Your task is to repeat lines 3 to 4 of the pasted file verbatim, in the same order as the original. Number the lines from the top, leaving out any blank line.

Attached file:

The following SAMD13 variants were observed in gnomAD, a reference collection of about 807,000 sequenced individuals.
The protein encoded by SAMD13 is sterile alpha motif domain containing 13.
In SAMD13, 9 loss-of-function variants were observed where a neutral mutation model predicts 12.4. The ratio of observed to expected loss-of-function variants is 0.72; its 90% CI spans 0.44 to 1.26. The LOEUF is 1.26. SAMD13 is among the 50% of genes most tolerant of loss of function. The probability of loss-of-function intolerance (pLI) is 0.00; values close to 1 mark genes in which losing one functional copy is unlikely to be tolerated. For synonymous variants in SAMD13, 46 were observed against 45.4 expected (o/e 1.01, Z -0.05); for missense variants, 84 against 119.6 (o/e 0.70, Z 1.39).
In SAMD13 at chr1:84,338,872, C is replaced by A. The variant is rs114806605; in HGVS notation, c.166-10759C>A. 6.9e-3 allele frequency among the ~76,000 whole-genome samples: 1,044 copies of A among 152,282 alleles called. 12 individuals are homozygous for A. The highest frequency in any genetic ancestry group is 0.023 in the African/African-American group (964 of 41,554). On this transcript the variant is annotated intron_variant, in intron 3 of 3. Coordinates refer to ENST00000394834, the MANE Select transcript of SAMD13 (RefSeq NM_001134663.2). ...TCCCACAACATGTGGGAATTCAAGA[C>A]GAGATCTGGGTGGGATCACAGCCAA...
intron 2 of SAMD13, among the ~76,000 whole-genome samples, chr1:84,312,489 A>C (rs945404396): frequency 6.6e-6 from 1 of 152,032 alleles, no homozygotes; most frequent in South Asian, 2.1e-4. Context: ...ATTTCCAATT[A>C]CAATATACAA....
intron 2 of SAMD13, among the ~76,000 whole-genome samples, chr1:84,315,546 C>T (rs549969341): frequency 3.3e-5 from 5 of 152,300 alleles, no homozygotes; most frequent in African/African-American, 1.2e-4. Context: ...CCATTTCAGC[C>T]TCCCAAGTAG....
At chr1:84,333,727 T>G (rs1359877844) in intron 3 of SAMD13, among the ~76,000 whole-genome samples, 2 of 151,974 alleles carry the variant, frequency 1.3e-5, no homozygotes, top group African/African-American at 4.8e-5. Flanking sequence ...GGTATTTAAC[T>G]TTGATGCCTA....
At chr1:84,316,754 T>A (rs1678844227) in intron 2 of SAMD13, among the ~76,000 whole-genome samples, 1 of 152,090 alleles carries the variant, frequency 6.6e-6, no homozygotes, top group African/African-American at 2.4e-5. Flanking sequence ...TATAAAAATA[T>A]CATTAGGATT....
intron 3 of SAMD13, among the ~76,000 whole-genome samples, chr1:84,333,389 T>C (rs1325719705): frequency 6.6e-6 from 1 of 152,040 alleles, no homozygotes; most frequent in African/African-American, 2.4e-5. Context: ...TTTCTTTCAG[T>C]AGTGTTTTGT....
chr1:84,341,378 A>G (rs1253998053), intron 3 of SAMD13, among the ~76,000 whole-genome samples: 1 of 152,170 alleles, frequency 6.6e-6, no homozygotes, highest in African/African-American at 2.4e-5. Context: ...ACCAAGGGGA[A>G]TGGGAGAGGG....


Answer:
In SAMD13, 9 loss-of-function variants were observed where a neutral mutation model predicts 12.4. The ratio of observed to expected loss-of-function variants is 0.72; its 90% CI spans 0.44 to 1.26. The LOEUF is 1.26. SAMD13 is among the 50% of genes most tolerant of loss of function. The probability of loss-of-function intolerance (pLI) is 0.00; values close to 1 mark genes in which losing one functional copy is unlikely to be tolerated. For synonymous variants in SAMD13, 46 were observed against 45.4 expected (o/e 1.01, Z -0.05); for missense variants, 84 against 119.6 (o/e 0.70, Z 1.39).
In SAMD13 at chr1:84,338,872, C is replaced by A. The variant is rs114806605; in HGVS notation, c.166-10759C>A. 6.9e-3 allele frequency among the ~76,000 whole-genome samples: 1,044 copies of A among 152,282 alleles called. 12 individuals are homozygous for A. The highest frequency in any genetic ancestry group is 0.023 in the African/African-American group (964 of 41,554). On this transcript the variant is annotated intron_variant, in intron 3 of 3. Coordinates refer to ENST00000394834, the MANE Select transcript of SAMD13 (RefSeq NM_001134663.2). ...TCCCACAACATGTGGGAATTCAAGA[C>A]GAGATCTGGGTGGGATCACAGCCAA...